Feb 11, 2014

Podcast Portal: Gelmania

Welcome to Podcast Portal: a spontaneous column that will highlight podcasts of all genres that are lesser known or new shows that are worth giving a listen. With the medium continuing to grow, it is hard to acknowledge all of them. However, I am going to try and find as many noteworthy titles as possible to share and hopefully expand your mind to the greatest growing medium out there. If you have any podcast that you feel is worth adding to the Podcast Portal, please make sure to inform me whether through the comments or through an e-mail (information in sidebar). 

SHOW: Gelmania
HOST: Brett Gelman
NETWORK: None
EPISODE BEING DISCUSSED: XIX:: What Went Wrong


There is plenty to be said about the Gelmania podcast. The most notable of which is that it seemed to resurrect after almost a year and a half absence with vibrant aggression. The hiatus makes sense when considering that host Brett Gelman had a stint on the short-lived NBC series Go On as well as appearing on Adult Swim's Eagleheart. The surrealist, bleak comic has been busy and with that, his Gelmania podcast seemed to disappear off of the internet with that. I grew weary, checking sporadically throughout 2013 for new episodes only to be left disappointed. Then, it appeared in the Top 10 on iTunes sometime last week, and I was ecstatic to have it back.
True, as the title suggests, this is the 19th episode and it theoretically was on the Earwolf Network when we last saw it in 2012. However, with the banishment of the show, it also seemed to drop its affiliates, instead doing a grassroots campaign that told listeners to visit Gelmania's website "for further instruction." While technically this would disqualify it from being referenced as a "new" series, it has always felt like it was on the outer skirts, only being accepted by listeners with surreal tastes of perverse desires. That is the pleasure of the show.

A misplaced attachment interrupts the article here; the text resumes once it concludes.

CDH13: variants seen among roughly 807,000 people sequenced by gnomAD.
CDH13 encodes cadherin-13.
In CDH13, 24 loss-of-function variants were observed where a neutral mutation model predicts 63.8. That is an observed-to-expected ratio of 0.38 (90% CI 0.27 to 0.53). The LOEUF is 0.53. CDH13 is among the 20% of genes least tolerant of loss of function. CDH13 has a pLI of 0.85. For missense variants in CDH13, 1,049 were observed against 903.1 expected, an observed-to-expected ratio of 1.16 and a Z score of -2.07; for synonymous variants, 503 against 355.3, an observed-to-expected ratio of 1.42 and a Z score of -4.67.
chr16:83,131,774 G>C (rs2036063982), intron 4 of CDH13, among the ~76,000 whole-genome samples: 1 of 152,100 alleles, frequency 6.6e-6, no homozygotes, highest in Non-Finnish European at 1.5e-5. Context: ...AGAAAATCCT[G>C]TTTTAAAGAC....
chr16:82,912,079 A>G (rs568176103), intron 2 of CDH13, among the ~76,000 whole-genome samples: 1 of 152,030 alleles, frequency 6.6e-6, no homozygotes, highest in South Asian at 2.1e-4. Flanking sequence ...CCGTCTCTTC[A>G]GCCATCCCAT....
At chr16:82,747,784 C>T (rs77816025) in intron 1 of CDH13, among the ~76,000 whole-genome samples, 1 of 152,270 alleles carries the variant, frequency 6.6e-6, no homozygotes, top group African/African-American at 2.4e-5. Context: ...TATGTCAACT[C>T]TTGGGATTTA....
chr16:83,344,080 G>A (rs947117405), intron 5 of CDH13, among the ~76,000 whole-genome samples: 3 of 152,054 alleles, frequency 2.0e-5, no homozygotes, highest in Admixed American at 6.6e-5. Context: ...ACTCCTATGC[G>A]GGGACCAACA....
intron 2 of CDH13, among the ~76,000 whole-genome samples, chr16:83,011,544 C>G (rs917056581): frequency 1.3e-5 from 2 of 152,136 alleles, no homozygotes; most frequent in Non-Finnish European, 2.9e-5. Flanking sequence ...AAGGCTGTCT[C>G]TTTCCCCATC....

For those unfamiliar with the series, it is essentially a trip through Gelman's dark, twisted thoughts. Often through audio tricks to sound demonic, insane, or minuscule, this is as much about the content as it is theatrics. It separates itself from every other show by being a catalog stream of consciousness show that mixes live segments with recorded bits and even some rap songs that detail the most disgusting things imaginable. Gelmania is an acquired taste and it isn't always pleasant. Its motto is "The revolution will not be televised. The revolution will be podcasted!" which gives it carte blanche to do whatever it wants, which it normally does.
The series has been produced in many time slots throughout the run. It was initially ran on Fridays back in 2012, but has since moved to Tuesdays. One of the growing gags of the show is that host Gelman is "quitting comedy." This isn't to say that he is stopping the show (though with inconsistent hiatuses, that's debatable), but that he is doing performance pieces. The show has always felt like that, rarely diving into anything that feels as comedic as the lighter shows that normally dominated the iTunes Top 100. 
Most of all, it plays like a cult. With blaring sirens of noise playing in the background, it sounds like a journey into the depths of hell and into the mean ego of its host. Maybe the lack of consistency even in length (episode XVIII - 57:17, episode XIX - 26:29) helps to establish how much anarchy is built into this cult. It wants you to embrace the darkness of loneliness and the selfish thoughts that come with it. It may not always make sense, but it definitely helps to distinguish itself from every other show.
This may its biggest strengths and weaknesses, but creates a sensation that each episode matters. Yes, the mishmash nature of the skits keeps some episodes from being as accessible or interesting (specifically the one in discussion), but it is a refreshing alternative that defies you to like it. With songs that make absolutely no sense and even bits that are really crass jokes, it is a performance piece of demonic proportions. You will likely be able to figure out whether this show is for you or not based on the first 10 minutes.


RATING: 3 out of 5
WORTH A SECOND GO?: With the previous episodes currently removed from accessibility, it is important to check out the show while it exists. It may be uneven and uncomfortable at points, but that is its charm essentially.

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